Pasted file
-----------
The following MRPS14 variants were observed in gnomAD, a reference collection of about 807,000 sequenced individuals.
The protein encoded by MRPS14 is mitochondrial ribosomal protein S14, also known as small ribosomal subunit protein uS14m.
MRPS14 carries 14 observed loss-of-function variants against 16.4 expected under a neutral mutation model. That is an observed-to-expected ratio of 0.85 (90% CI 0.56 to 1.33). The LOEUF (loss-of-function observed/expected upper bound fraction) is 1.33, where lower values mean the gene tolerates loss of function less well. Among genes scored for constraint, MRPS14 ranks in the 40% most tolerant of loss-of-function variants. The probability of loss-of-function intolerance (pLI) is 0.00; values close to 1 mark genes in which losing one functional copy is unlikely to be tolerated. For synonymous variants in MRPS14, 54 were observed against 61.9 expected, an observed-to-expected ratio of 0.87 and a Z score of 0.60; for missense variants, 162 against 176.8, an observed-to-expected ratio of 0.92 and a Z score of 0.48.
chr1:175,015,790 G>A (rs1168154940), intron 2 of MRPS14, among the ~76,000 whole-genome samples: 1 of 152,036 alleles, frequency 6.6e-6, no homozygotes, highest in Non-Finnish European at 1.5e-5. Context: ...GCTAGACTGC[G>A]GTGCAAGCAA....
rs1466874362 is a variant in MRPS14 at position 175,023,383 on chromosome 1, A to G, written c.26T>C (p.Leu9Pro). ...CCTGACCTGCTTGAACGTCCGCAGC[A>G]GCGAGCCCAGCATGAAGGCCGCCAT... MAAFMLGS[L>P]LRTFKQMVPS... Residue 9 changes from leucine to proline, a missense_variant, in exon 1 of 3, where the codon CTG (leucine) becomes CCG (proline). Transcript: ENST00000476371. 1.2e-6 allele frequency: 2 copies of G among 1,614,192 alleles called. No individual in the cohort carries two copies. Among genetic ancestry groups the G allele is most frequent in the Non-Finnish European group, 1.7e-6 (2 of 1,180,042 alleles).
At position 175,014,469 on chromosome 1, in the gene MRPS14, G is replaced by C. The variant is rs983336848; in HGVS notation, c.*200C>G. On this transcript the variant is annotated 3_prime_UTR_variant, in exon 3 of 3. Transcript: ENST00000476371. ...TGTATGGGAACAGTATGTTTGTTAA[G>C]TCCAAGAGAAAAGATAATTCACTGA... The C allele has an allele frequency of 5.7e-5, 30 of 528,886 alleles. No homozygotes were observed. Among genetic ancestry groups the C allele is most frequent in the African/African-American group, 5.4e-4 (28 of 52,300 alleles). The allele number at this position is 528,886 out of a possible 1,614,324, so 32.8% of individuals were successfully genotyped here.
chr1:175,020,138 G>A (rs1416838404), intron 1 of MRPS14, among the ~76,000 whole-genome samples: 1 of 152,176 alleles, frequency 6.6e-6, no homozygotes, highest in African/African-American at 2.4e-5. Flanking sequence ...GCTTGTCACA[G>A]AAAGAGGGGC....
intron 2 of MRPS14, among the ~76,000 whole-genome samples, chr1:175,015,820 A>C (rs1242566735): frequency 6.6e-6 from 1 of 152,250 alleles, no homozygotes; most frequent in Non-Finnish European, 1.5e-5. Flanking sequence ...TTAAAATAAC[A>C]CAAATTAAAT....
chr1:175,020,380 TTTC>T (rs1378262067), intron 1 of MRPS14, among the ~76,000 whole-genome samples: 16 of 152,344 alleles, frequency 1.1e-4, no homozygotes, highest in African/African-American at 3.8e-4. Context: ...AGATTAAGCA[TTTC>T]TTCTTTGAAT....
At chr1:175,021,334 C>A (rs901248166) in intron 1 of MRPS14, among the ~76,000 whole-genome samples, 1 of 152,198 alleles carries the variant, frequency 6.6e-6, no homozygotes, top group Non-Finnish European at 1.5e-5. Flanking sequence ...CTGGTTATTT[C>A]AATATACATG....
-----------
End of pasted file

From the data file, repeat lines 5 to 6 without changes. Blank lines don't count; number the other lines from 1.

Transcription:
rs1466874362 is a variant in MRPS14 at position 175,023,383 on chromosome 1, A to G, written c.26T>C (p.Leu9Pro). ...CCTGACCTGCTTGAACGTCCGCAGC[A>G]GCGAGCCCAGCATGAAGGCCGCCAT... MAAFMLGS[L>P]LRTFKQMVPS... Residue 9 changes from leucine to proline, a missense_variant, in exon 1 of 3, where the codon CTG (leucine) becomes CCG (proline). Transcript: ENST00000476371. 1.2e-6 allele frequency: 2 copies of G among 1,614,192 alleles called. No individual in the cohort carries two copies. Among genetic ancestry groups the G allele is most frequent in the Non-Finnish European group, 1.7e-6 (2 of 1,180,042 alleles).
At position 175,014,469 on chromosome 1, in the gene MRPS14, G is replaced by C. The variant is rs983336848; in HGVS notation, c.*200C>G. On this transcript the variant is annotated 3_prime_UTR_variant, in exon 3 of 3. Transcript: ENST00000476371. ...TGTATGGGAACAGTATGTTTGTTAA[G>C]TCCAAGAGAAAAGATAATTCACTGA... The C allele has an allele frequency of 5.7e-5, 30 of 528,886 alleles. No homozygotes were observed. Among genetic ancestry groups the C allele is most frequent in the African/African-American group, 5.4e-4 (28 of 52,300 alleles). The allele number at this position is 528,886 out of a possible 1,614,324, so 32.8% of individuals were successfully genotyped here.